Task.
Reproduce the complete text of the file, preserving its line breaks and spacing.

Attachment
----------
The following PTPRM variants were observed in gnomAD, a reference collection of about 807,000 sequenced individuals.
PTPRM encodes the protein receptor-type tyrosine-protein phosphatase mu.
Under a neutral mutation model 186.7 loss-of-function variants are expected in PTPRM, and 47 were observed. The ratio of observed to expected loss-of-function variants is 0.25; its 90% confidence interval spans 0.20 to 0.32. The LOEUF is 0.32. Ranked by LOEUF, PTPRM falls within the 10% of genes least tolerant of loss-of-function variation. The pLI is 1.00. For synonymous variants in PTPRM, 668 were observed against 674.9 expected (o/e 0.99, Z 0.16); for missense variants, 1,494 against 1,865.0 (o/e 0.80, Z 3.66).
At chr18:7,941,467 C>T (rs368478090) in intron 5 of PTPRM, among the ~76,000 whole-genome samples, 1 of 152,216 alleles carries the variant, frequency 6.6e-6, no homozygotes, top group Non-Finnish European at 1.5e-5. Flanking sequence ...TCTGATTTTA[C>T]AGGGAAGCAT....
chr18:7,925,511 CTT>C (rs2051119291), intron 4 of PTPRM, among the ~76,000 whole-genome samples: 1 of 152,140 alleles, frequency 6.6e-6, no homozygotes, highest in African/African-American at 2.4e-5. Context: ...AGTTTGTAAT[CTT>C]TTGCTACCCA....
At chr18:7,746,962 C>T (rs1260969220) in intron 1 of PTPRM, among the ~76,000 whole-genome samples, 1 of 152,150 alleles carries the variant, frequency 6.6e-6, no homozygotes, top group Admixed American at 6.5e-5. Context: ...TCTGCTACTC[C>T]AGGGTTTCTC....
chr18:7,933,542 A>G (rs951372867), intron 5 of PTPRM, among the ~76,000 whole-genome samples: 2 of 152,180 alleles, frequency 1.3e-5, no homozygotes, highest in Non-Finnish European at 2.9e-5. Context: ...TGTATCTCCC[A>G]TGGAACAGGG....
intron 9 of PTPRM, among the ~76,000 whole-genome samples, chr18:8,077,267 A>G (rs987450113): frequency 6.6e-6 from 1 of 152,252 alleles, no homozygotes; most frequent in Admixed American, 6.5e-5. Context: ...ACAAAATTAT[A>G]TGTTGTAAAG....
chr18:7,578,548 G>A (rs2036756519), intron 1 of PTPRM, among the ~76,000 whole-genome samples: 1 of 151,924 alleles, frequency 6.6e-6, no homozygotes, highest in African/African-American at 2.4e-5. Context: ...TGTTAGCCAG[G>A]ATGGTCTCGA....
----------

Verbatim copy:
The following PTPRM variants were observed in gnomAD, a reference collection of about 807,000 sequenced individuals.
PTPRM encodes the protein receptor-type tyrosine-protein phosphatase mu.
Under a neutral mutation model 186.7 loss-of-function variants are expected in PTPRM, and 47 were observed. The ratio of observed to expected loss-of-function variants is 0.25; its 90% confidence interval spans 0.20 to 0.32. The LOEUF is 0.32. Ranked by LOEUF, PTPRM falls within the 10% of genes least tolerant of loss-of-function variation. The pLI is 1.00. For synonymous variants in PTPRM, 668 were observed against 674.9 expected (o/e 0.99, Z 0.16); for missense variants, 1,494 against 1,865.0 (o/e 0.80, Z 3.66).
At chr18:7,941,467 C>T (rs368478090) in intron 5 of PTPRM, among the ~76,000 whole-genome samples, 1 of 152,216 alleles carries the variant, frequency 6.6e-6, no homozygotes, top group Non-Finnish European at 1.5e-5. Flanking sequence ...TCTGATTTTA[C>T]AGGGAAGCAT....
chr18:7,925,511 CTT>C (rs2051119291), intron 4 of PTPRM, among the ~76,000 whole-genome samples: 1 of 152,140 alleles, frequency 6.6e-6, no homozygotes, highest in African/African-American at 2.4e-5. Context: ...AGTTTGTAAT[CTT>C]TTGCTACCCA....
At chr18:7,746,962 C>T (rs1260969220) in intron 1 of PTPRM, among the ~76,000 whole-genome samples, 1 of 152,150 alleles carries the variant, frequency 6.6e-6, no homozygotes, top group Admixed American at 6.5e-5. Context: ...TCTGCTACTC[C>T]AGGGTTTCTC....
chr18:7,933,542 A>G (rs951372867), intron 5 of PTPRM, among the ~76,000 whole-genome samples: 2 of 152,180 alleles, frequency 1.3e-5, no homozygotes, highest in Non-Finnish European at 2.9e-5. Context: ...TGTATCTCCC[A>G]TGGAACAGGG....
intron 9 of PTPRM, among the ~76,000 whole-genome samples, chr18:8,077,267 A>G (rs987450113): frequency 6.6e-6 from 1 of 152,252 alleles, no homozygotes; most frequent in Admixed American, 6.5e-5. Context: ...ACAAAATTAT[A>G]TGTTGTAAAG....
chr18:7,578,548 G>A (rs2036756519), intron 1 of PTPRM, among the ~76,000 whole-genome samples: 1 of 151,924 alleles, frequency 6.6e-6, no homozygotes, highest in African/African-American at 2.4e-5. Context: ...TGTTAGCCAG[G>A]ATGGTCTCGA....